Avoid just going through the motions, because employers will see right through a generic note. Instead, tailor your message to the specific interviewer and company by including the following:

  1. Your appreciation for the meeting (the “thank you” part!)
  2. Something specific about the interview or items discussed
  3. Why you are excited about this opportunity
  4. A brief explanation of why you’d be a good fit for the job
  5. Next steps and your contact information

Make sure to send the note (via email) within 24 hours — and be sure to send one to everyone you interviewed with, not just the hiring manager.

Still not sure what to write? Here’s an example:

Dear [interviewer name],

Thank you so much for taking time to speak with me about the [job title] position. I really enjoyed learning more about the position and your description of the day-to-day duties really helped me gain a better understanding of the responsibilities. Our conversation confirmed my extreme interest and I would be thrilled to bring my editorial experience, specifically my interview expertise, to benefit the company goals.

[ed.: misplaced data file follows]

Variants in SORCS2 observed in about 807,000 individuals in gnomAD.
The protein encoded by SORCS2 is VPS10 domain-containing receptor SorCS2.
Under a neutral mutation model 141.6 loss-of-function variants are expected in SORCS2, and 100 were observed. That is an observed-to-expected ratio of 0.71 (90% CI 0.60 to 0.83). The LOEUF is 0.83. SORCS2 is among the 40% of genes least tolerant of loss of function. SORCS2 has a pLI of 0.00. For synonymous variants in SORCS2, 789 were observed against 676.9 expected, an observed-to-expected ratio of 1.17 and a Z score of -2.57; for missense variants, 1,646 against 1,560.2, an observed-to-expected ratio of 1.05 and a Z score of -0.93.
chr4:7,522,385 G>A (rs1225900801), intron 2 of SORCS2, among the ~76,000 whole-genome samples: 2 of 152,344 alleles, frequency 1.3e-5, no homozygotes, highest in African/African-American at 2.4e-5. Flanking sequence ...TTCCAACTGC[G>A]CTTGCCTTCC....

I look forward to hearing from you and thank you again for the opportunity to interview. Please don’t hesitate to reach out if you have additional questions!

Best regards,

[Email address]
[Phone number]

Something thoughtful and concise like that will usually do the trick — although we’ve got some other great thank you note templates right here. Now eliminate unnecessary distractions and get to writing!

By Lauren McGoodwin  This article originally appeared on Career Contessa.

This US city has the highest percentage of ‘burned out’ workers

Photo: Christian K. via Flickr

You probably think your city has a more burned out workforce than anywhere else, but you might be fooled. New research from compensation, culture and career monitoring platform Comparably, found that D.C. takes the cake for the most “burnout” among its employees.

What’s making people so stressed out? The findings — released during National Stress Awareness Month — show that “unclear goals” are the top source of stress, at 41% of those surveyed — also the top reason as last year.